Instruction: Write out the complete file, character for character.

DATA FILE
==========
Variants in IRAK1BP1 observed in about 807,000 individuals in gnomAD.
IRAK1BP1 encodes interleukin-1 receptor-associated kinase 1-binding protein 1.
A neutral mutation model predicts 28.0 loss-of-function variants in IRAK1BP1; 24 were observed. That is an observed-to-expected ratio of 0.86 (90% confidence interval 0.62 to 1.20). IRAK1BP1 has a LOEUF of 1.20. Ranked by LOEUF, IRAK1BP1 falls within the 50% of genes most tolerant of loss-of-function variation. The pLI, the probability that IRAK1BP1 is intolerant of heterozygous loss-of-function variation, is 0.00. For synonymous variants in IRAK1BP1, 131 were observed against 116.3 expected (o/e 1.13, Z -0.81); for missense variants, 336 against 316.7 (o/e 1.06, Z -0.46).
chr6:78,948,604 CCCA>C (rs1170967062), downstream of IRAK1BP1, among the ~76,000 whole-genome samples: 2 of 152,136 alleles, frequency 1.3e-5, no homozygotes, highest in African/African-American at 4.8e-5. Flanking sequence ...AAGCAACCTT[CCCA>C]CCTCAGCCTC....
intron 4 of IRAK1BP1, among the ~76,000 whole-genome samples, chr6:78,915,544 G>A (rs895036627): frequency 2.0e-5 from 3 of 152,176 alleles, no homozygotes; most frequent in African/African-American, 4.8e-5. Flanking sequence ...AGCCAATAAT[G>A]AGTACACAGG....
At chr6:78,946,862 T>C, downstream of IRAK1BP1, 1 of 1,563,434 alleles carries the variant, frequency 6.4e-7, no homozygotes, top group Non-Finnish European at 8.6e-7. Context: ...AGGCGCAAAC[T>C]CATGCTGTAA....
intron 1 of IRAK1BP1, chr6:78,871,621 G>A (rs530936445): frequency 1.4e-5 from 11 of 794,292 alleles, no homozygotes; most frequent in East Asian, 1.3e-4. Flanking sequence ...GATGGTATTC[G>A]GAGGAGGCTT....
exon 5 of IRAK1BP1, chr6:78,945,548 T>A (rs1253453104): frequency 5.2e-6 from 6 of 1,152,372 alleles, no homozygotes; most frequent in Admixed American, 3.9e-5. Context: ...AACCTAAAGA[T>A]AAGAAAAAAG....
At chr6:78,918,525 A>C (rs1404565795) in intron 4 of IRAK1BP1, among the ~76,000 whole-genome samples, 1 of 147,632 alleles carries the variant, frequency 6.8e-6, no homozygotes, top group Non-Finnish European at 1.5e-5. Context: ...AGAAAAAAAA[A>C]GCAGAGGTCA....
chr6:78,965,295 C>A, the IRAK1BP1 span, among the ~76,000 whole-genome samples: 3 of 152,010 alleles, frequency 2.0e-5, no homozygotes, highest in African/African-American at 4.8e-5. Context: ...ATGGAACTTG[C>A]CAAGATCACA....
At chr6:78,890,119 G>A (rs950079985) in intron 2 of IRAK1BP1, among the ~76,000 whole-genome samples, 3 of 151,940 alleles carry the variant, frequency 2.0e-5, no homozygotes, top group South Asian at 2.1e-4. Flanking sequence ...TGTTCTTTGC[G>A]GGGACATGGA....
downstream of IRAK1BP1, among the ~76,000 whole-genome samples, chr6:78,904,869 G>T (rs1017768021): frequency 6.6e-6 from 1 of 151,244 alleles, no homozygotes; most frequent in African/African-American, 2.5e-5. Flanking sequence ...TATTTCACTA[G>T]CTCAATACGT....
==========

Variants in IRAK1BP1 observed in about 807,000 individuals in gnomAD.
IRAK1BP1 encodes interleukin-1 receptor-associated kinase 1-binding protein 1.
A neutral mutation model predicts 28.0 loss-of-function variants in IRAK1BP1; 24 were observed. That is an observed-to-expected ratio of 0.86 (90% confidence interval 0.62 to 1.20). IRAK1BP1 has a LOEUF of 1.20. Ranked by LOEUF, IRAK1BP1 falls within the 50% of genes most tolerant of loss-of-function variation. The pLI, the probability that IRAK1BP1 is intolerant of heterozygous loss-of-function variation, is 0.00. For synonymous variants in IRAK1BP1, 131 were observed against 116.3 expected (o/e 1.13, Z -0.81); for missense variants, 336 against 316.7 (o/e 1.06, Z -0.46).
chr6:78,948,604 CCCA>C (rs1170967062), downstream of IRAK1BP1, among the ~76,000 whole-genome samples: 2 of 152,136 alleles, frequency 1.3e-5, no homozygotes, highest in African/African-American at 4.8e-5. Flanking sequence ...AAGCAACCTT[CCCA>C]CCTCAGCCTC....
intron 4 of IRAK1BP1, among the ~76,000 whole-genome samples, chr6:78,915,544 G>A (rs895036627): frequency 2.0e-5 from 3 of 152,176 alleles, no homozygotes; most frequent in African/African-American, 4.8e-5. Flanking sequence ...AGCCAATAAT[G>A]AGTACACAGG....
At chr6:78,946,862 T>C, downstream of IRAK1BP1, 1 of 1,563,434 alleles carries the variant, frequency 6.4e-7, no homozygotes, top group Non-Finnish European at 8.6e-7. Context: ...AGGCGCAAAC[T>C]CATGCTGTAA....
intron 1 of IRAK1BP1, chr6:78,871,621 G>A (rs530936445): frequency 1.4e-5 from 11 of 794,292 alleles, no homozygotes; most frequent in East Asian, 1.3e-4. Flanking sequence ...GATGGTATTC[G>A]GAGGAGGCTT....
exon 5 of IRAK1BP1, chr6:78,945,548 T>A (rs1253453104): frequency 5.2e-6 from 6 of 1,152,372 alleles, no homozygotes; most frequent in Admixed American, 3.9e-5. Context: ...AACCTAAAGA[T>A]AAGAAAAAAG....
At chr6:78,918,525 A>C (rs1404565795) in intron 4 of IRAK1BP1, among the ~76,000 whole-genome samples, 1 of 147,632 alleles carries the variant, frequency 6.8e-6, no homozygotes, top group Non-Finnish European at 1.5e-5. Context: ...AGAAAAAAAA[A>C]GCAGAGGTCA....
chr6:78,965,295 C>A, the IRAK1BP1 span, among the ~76,000 whole-genome samples: 3 of 152,010 alleles, frequency 2.0e-5, no homozygotes, highest in African/African-American at 4.8e-5. Context: ...ATGGAACTTG[C>A]CAAGATCACA....
At chr6:78,890,119 G>A (rs950079985) in intron 2 of IRAK1BP1, among the ~76,000 whole-genome samples, 3 of 151,940 alleles carry the variant, frequency 2.0e-5, no homozygotes, top group South Asian at 2.1e-4. Flanking sequence ...TGTTCTTTGC[G>A]GGGACATGGA....
downstream of IRAK1BP1, among the ~76,000 whole-genome samples, chr6:78,904,869 G>T (rs1017768021): frequency 6.6e-6 from 1 of 151,244 alleles, no homozygotes; most frequent in African/African-American, 2.5e-5. Flanking sequence ...TATTTCACTA[G>T]CTCAATACGT....